An ordinal number is a number that indicates position or order in relation to other numbers: *first, second, third*, and so on. Contrast with *cardinal number.*

*"*Ordinal numbers do not represent quantity," notes Mark Andrew Lim, "but rather indicate rank and position, such as the *fifth* car, the* twenty‐fourth* bar, the *second* highest marks, and so on" (*The Handbook of Technical Analysis*, 2012).

Ordinal numbers can be written as words (*second, third*) or as numerals followed by abbreviations (*2nd, 3rd*).

### Examples and Observations

- All ordinal numbers carry a suffix:
*-nd, -rd, -st,*or*-th*.

first (1st)

second (2nd)

third (3rd)

fourth (4th)

fifth (5th)

sixth (6th)

seventh (7th)

eighth (8th)

ninth (9th)

tenth (10th)

eleventh (11th)

twelfth (12th)

twentieth (20th)

twenty-first (21st)

twenty-second (22nd)

twenty-third (23rd)

twenty-fourth (24th)

thirtieth (30th)

one hundredth (100th)

one thousandth (1,000th)

one millionth (1,000,000th)

one billionth (1,000,000,000th)

### Using Ordinal Numbers and Cardinal Numbers Together

"When a cardinal number and an **ordinal number** modify the same noun, the ordinal number always precedes the cardinal number:

Thefirst twooperations were the most difficult to watch.

Thesecond threeinnings were quite dull.

In the first example, the ordinal number *first* precedes the cardinal number *two*. Both *first* and *two* are determiners. In the second example, the ordinal number *second* precedes the cardinal number *three*.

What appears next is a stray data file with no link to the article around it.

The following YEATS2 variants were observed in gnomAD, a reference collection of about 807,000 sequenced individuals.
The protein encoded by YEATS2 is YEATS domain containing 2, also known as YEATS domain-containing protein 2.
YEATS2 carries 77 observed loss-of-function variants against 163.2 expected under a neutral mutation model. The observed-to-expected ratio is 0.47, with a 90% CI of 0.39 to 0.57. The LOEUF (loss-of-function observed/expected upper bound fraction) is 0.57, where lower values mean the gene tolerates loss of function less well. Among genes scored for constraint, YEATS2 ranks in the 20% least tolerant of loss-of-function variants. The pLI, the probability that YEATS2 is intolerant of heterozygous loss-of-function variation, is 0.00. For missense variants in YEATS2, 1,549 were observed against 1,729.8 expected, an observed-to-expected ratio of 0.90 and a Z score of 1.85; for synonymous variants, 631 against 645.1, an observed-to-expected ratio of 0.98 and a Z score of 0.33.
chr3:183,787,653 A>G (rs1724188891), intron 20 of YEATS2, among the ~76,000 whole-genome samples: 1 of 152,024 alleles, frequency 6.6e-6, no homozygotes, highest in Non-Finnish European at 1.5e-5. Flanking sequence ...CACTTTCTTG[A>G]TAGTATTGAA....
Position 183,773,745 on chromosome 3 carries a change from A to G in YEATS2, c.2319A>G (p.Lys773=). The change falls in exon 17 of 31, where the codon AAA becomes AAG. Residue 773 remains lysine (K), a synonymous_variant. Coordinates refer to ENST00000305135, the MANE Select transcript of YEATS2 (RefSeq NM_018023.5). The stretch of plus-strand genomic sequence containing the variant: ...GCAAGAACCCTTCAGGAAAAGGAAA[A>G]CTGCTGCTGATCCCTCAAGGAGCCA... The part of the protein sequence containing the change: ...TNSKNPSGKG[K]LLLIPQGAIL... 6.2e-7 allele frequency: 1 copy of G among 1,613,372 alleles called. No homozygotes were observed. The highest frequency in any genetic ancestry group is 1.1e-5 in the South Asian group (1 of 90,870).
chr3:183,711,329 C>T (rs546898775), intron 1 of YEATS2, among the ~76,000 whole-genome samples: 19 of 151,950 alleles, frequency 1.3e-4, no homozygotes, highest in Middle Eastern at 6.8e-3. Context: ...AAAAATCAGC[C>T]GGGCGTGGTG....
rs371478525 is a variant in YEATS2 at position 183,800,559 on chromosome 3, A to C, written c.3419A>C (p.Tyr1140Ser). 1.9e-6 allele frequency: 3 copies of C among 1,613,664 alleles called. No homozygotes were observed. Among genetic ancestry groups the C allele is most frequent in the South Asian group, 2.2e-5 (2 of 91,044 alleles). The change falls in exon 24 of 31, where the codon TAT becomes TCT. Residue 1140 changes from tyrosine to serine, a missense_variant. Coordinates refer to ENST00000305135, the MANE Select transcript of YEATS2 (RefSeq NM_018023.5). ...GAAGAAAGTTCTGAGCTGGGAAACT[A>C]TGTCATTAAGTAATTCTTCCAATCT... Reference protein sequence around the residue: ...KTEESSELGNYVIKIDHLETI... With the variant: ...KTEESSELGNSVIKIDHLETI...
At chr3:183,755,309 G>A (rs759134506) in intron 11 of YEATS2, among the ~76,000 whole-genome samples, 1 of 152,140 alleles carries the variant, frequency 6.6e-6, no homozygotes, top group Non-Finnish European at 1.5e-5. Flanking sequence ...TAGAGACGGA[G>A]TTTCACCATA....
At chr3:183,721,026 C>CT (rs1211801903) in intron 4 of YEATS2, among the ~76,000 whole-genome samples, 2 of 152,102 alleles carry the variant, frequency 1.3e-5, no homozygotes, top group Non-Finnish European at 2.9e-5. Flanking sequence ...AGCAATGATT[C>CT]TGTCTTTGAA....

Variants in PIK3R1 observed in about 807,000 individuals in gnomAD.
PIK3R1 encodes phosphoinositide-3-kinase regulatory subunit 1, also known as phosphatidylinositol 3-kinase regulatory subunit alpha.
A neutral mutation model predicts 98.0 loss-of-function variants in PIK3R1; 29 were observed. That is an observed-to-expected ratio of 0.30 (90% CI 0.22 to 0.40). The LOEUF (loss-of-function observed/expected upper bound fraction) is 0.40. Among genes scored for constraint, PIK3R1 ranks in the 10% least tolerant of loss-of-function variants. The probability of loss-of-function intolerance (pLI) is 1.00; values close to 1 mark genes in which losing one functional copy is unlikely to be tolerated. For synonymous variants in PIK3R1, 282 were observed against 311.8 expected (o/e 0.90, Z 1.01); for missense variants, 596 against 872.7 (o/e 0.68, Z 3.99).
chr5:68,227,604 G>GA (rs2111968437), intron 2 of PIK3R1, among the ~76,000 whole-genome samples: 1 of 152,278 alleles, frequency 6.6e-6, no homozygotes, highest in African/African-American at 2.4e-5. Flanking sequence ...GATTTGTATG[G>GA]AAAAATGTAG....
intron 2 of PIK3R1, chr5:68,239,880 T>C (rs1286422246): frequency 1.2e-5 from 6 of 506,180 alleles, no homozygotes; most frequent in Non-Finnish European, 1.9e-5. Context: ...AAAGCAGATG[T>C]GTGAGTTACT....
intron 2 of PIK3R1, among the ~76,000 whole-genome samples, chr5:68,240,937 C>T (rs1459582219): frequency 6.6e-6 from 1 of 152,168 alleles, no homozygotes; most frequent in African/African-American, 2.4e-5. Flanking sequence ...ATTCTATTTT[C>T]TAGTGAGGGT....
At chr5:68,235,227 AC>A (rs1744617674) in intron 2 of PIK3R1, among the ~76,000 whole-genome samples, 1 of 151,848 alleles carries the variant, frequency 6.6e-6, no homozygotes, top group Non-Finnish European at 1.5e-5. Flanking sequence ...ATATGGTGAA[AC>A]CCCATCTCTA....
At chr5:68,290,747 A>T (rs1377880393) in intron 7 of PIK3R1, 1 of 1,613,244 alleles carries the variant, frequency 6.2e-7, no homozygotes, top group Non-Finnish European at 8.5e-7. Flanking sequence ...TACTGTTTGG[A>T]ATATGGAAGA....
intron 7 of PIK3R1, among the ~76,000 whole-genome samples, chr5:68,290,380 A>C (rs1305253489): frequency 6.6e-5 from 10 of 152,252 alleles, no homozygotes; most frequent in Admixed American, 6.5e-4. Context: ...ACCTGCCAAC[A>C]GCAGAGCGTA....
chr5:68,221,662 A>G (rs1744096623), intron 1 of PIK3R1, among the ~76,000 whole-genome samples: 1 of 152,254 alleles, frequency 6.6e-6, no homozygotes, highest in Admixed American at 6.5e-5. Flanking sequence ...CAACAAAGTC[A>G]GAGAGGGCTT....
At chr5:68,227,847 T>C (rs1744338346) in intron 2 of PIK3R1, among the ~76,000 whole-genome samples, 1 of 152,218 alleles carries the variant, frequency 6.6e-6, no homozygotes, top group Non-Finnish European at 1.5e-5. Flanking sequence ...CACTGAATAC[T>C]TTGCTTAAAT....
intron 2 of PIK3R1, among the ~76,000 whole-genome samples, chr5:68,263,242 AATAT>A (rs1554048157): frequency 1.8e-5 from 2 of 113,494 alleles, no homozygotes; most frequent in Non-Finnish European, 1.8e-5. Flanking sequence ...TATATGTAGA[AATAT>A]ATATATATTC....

Both *second* and *three* are determiners. Try reading the sentences with the ordinal and cardinal numbers reversed. They simply sound wrong." (Michael Strumpf and Auriel Douglas, *The Grammar Bible*. Owl Books, 2004)

### More Tips on Using Ordinal Numbers

"Spell out **ordinal numbers**—*first, second, third, fourth*—except when quoting from another source.

In the interests of saving space they may also be expressed in numerals in notes and references. . . .

"Use words for ordinal numbers in names, and for numerical street names . . .:

theThirdReich, theFourthEstate, afifthcolumnist,SixthAvenue, aSeventh-Day Adventist

"Use figures for ages expressed in cardinal numbers, and words for ages expressed as ordinal numbers or decades:

a girl of 15, a 33-year-old man, between her teens and twenties, in his 33rd year"

(R. M. Ritter, *New Hart's Rules: The Handbook of Style for Writers and Editors*. Oxford University Press, 2005)

"Do not use the **ordinal** (*th, st, rd, nd*) form of numbers when writing the complete date: *January 15 is the date for the examination*. However, you may use the ordinal suffixes if you use only the day: *The 15th is the date for the examination.* . . .

"Write out ordinal numbers when they contain just one word: third prize, tenth in line, sixtieth anniversary, fifteenth birthday. Use numerals for the others: the 52nd state, the 21st Amendment." (Val Dumond, *Grammar for Grownups*. HarperCollins, 1993)